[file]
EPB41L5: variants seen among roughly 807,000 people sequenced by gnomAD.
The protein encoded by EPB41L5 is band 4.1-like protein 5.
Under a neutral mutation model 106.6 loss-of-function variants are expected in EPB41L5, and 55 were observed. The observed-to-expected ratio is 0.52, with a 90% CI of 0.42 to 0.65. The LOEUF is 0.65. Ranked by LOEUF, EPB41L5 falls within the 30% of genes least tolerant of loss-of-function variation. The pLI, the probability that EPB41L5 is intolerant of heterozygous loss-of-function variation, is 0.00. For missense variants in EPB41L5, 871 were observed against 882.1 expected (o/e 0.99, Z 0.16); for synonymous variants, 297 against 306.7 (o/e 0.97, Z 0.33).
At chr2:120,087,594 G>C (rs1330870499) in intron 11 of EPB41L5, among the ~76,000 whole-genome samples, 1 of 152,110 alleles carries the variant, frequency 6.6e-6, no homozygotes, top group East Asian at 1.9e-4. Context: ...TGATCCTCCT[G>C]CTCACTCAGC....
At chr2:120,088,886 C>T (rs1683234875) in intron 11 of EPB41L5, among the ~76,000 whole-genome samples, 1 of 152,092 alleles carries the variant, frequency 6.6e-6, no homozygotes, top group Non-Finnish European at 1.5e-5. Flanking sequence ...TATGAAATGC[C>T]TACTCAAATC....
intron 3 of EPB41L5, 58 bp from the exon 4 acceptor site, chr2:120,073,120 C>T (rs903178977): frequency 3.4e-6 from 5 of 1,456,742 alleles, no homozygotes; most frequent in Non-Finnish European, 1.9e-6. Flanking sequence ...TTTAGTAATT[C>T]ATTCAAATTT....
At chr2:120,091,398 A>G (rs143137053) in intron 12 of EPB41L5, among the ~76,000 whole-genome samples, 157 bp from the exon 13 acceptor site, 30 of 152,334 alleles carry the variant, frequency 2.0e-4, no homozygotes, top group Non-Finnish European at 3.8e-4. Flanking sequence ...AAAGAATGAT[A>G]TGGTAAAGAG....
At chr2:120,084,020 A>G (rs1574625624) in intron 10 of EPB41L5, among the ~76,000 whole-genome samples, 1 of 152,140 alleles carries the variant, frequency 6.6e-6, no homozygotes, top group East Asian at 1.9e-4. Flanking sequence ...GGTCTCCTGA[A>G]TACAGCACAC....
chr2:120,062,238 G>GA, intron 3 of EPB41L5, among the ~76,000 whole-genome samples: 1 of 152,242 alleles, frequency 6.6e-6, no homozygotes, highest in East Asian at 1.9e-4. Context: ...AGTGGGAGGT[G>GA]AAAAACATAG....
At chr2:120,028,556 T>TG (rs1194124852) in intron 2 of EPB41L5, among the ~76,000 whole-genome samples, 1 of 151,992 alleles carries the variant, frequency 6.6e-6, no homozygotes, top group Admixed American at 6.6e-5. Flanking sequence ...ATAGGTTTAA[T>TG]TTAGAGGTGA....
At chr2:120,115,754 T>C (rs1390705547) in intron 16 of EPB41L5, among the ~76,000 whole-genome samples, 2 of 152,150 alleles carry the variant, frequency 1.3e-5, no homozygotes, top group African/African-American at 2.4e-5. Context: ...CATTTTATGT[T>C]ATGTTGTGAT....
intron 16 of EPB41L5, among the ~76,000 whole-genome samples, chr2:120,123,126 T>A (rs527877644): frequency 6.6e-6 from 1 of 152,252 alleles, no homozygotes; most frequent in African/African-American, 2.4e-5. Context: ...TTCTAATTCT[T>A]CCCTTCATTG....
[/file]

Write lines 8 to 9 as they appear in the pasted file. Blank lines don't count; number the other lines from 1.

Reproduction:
At chr2:120,084,020 A>G (rs1574625624) in intron 10 of EPB41L5, among the ~76,000 whole-genome samples, 1 of 152,140 alleles carries the variant, frequency 6.6e-6, no homozygotes, top group East Asian at 1.9e-4. Flanking sequence ...GGTCTCCTGA[A>G]TACAGCACAC....
chr2:120,062,238 G>GA, intron 3 of EPB41L5, among the ~76,000 whole-genome samples: 1 of 152,242 alleles, frequency 6.6e-6, no homozygotes, highest in East Asian at 1.9e-4. Context: ...AGTGGGAGGT[G>GA]AAAAACATAG....